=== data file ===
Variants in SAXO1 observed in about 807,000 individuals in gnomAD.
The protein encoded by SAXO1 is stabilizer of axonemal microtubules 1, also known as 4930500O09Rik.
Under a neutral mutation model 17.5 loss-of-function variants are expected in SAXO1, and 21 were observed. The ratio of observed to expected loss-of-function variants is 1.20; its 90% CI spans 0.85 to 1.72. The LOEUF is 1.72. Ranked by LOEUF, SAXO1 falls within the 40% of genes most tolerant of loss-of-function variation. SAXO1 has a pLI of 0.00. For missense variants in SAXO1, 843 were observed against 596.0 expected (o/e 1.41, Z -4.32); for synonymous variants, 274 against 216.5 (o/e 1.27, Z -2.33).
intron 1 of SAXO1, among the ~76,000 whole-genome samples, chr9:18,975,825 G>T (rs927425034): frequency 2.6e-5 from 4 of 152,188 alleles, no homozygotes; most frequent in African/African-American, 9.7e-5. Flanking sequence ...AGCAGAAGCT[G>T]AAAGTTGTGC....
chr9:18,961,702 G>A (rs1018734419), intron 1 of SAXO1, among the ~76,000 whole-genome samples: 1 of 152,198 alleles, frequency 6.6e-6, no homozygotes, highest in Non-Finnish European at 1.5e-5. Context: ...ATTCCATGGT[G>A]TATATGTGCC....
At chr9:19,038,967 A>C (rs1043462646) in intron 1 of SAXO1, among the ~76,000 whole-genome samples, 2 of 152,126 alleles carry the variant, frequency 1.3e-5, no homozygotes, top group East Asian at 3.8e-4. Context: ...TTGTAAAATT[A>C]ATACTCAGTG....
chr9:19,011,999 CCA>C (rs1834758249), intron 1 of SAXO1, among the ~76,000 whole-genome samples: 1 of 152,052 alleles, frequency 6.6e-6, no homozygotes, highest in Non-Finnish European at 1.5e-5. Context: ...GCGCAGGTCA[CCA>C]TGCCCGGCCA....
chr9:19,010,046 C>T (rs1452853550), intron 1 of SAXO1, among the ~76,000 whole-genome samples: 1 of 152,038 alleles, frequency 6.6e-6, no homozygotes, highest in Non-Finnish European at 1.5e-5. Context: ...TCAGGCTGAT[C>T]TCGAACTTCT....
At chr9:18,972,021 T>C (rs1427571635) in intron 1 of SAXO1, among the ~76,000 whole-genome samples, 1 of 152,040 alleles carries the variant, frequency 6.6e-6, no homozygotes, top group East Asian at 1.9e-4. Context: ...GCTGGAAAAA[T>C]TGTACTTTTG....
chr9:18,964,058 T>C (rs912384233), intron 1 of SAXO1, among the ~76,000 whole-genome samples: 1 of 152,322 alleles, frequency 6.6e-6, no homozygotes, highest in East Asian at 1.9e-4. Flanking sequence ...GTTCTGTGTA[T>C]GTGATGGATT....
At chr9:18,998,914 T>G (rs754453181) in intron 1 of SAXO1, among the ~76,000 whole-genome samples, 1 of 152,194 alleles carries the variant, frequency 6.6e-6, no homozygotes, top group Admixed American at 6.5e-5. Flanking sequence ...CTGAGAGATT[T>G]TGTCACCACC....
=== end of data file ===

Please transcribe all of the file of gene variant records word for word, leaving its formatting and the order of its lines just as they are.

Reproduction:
Variants in SAXO1 observed in about 807,000 individuals in gnomAD.
The protein encoded by SAXO1 is stabilizer of axonemal microtubules 1, also known as 4930500O09Rik.
Under a neutral mutation model 17.5 loss-of-function variants are expected in SAXO1, and 21 were observed. The ratio of observed to expected loss-of-function variants is 1.20; its 90% CI spans 0.85 to 1.72. The LOEUF is 1.72. Ranked by LOEUF, SAXO1 falls within the 40% of genes most tolerant of loss-of-function variation. SAXO1 has a pLI of 0.00. For missense variants in SAXO1, 843 were observed against 596.0 expected (o/e 1.41, Z -4.32); for synonymous variants, 274 against 216.5 (o/e 1.27, Z -2.33).
intron 1 of SAXO1, among the ~76,000 whole-genome samples, chr9:18,975,825 G>T (rs927425034): frequency 2.6e-5 from 4 of 152,188 alleles, no homozygotes; most frequent in African/African-American, 9.7e-5. Flanking sequence ...AGCAGAAGCT[G>T]AAAGTTGTGC....
chr9:18,961,702 G>A (rs1018734419), intron 1 of SAXO1, among the ~76,000 whole-genome samples: 1 of 152,198 alleles, frequency 6.6e-6, no homozygotes, highest in Non-Finnish European at 1.5e-5. Context: ...ATTCCATGGT[G>A]TATATGTGCC....
At chr9:19,038,967 A>C (rs1043462646) in intron 1 of SAXO1, among the ~76,000 whole-genome samples, 2 of 152,126 alleles carry the variant, frequency 1.3e-5, no homozygotes, top group East Asian at 3.8e-4. Context: ...TTGTAAAATT[A>C]ATACTCAGTG....
chr9:19,011,999 CCA>C (rs1834758249), intron 1 of SAXO1, among the ~76,000 whole-genome samples: 1 of 152,052 alleles, frequency 6.6e-6, no homozygotes, highest in Non-Finnish European at 1.5e-5. Context: ...GCGCAGGTCA[CCA>C]TGCCCGGCCA....
chr9:19,010,046 C>T (rs1452853550), intron 1 of SAXO1, among the ~76,000 whole-genome samples: 1 of 152,038 alleles, frequency 6.6e-6, no homozygotes, highest in Non-Finnish European at 1.5e-5. Context: ...TCAGGCTGAT[C>T]TCGAACTTCT....
At chr9:18,972,021 T>C (rs1427571635) in intron 1 of SAXO1, among the ~76,000 whole-genome samples, 1 of 152,040 alleles carries the variant, frequency 6.6e-6, no homozygotes, top group East Asian at 1.9e-4. Context: ...GCTGGAAAAA[T>C]TGTACTTTTG....
chr9:18,964,058 T>C (rs912384233), intron 1 of SAXO1, among the ~76,000 whole-genome samples: 1 of 152,322 alleles, frequency 6.6e-6, no homozygotes, highest in East Asian at 1.9e-4. Flanking sequence ...GTTCTGTGTA[T>C]GTGATGGATT....
At chr9:18,998,914 T>G (rs754453181) in intron 1 of SAXO1, among the ~76,000 whole-genome samples, 1 of 152,194 alleles carries the variant, frequency 6.6e-6, no homozygotes, top group Admixed American at 6.5e-5. Flanking sequence ...CTGAGAGATT[T>G]TGTCACCACC....